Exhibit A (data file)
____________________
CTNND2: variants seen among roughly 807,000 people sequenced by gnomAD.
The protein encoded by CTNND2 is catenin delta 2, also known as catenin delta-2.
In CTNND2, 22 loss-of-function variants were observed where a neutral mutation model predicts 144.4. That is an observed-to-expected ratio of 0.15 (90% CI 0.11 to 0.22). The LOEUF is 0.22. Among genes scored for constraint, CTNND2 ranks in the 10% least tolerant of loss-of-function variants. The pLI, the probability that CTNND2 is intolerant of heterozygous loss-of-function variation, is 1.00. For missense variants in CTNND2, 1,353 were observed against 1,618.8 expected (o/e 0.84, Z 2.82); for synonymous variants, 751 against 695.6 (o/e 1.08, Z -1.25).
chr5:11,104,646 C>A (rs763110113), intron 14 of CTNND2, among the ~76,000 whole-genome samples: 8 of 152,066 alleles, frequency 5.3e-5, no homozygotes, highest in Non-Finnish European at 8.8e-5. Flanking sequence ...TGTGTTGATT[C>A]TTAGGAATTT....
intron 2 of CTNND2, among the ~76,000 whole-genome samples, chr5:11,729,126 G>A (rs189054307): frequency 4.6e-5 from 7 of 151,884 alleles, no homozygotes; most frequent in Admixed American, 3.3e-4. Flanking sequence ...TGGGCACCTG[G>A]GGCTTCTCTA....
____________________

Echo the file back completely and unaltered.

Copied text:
CTNND2: variants seen among roughly 807,000 people sequenced by gnomAD.
The protein encoded by CTNND2 is catenin delta 2, also known as catenin delta-2.
In CTNND2, 22 loss-of-function variants were observed where a neutral mutation model predicts 144.4. That is an observed-to-expected ratio of 0.15 (90% CI 0.11 to 0.22). The LOEUF is 0.22. Among genes scored for constraint, CTNND2 ranks in the 10% least tolerant of loss-of-function variants. The pLI, the probability that CTNND2 is intolerant of heterozygous loss-of-function variation, is 1.00. For missense variants in CTNND2, 1,353 were observed against 1,618.8 expected (o/e 0.84, Z 2.82); for synonymous variants, 751 against 695.6 (o/e 1.08, Z -1.25).
chr5:11,104,646 C>A (rs763110113), intron 14 of CTNND2, among the ~76,000 whole-genome samples: 8 of 152,066 alleles, frequency 5.3e-5, no homozygotes, highest in Non-Finnish European at 8.8e-5. Flanking sequence ...TGTGTTGATT[C>A]TTAGGAATTT....
intron 2 of CTNND2, among the ~76,000 whole-genome samples, chr5:11,729,126 G>A (rs189054307): frequency 4.6e-5 from 7 of 151,884 alleles, no homozygotes; most frequent in Admixed American, 3.3e-4. Flanking sequence ...TGGGCACCTG[G>A]GGCTTCTCTA....